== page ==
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Setbacks Don't Mean an End to Progress

Article by Charity Wallace July 26, 2012 //   2 minute read

“Half a democracy is not a democracy,” Kuwaiti pioneer Rola Dashti said to Mrs. Bush (and the world) in summing up why she was pressing for women’s suffrage in her country.  And in 2005, Kuwaiti women finally won the right to vote.

In 2007, Mrs. Bush met with Rola Dashti and other women who ran for office in the 2006 elections.  Although the women were disappointingly defeated in those elections, they were excited about attaining suffrage.  This was an optimistic sign of progress for the women of Kuwait.  But, the progress must be advanced for real change for women to occur in Kuwait and other countries in the region, and the women remained committed to their cause. 

Three years later the women saw four of their own – including Dr. Dashti – become the first women elected to the country’s parliament in 2009. After another disappointing election earlier this fall, resulting in no female representation in the government, I just received news that Rola Dashti was appointed Minister of Development and Planning and State Minister for Parliament Affairs.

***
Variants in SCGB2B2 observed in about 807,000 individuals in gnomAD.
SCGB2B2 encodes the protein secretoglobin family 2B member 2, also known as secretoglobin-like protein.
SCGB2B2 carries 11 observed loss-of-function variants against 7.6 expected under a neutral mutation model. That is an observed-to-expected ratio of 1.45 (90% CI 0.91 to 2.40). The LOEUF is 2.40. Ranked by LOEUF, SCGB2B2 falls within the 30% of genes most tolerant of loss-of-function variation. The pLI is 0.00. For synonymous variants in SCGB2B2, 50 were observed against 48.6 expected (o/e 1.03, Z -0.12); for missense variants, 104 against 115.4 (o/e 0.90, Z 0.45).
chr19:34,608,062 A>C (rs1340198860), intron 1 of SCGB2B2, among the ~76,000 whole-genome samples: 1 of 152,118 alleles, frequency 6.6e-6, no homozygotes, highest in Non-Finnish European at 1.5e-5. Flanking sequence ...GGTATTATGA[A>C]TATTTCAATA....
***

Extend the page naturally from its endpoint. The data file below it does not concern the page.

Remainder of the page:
For anyone who has met Rola, you quickly recognize that she is a force – and women should be glad that she is fighting for their rights.  The struggle for the advancement and inclusion of women continues in Kuwait, and although there may be a few setbacks along the way the good news is there are remarkable champions like Rola Dashti continuing to lead the way for change.

This post was written by Charity Wallace, Director of the Women’s Initiative  at the George W. Bush Institute.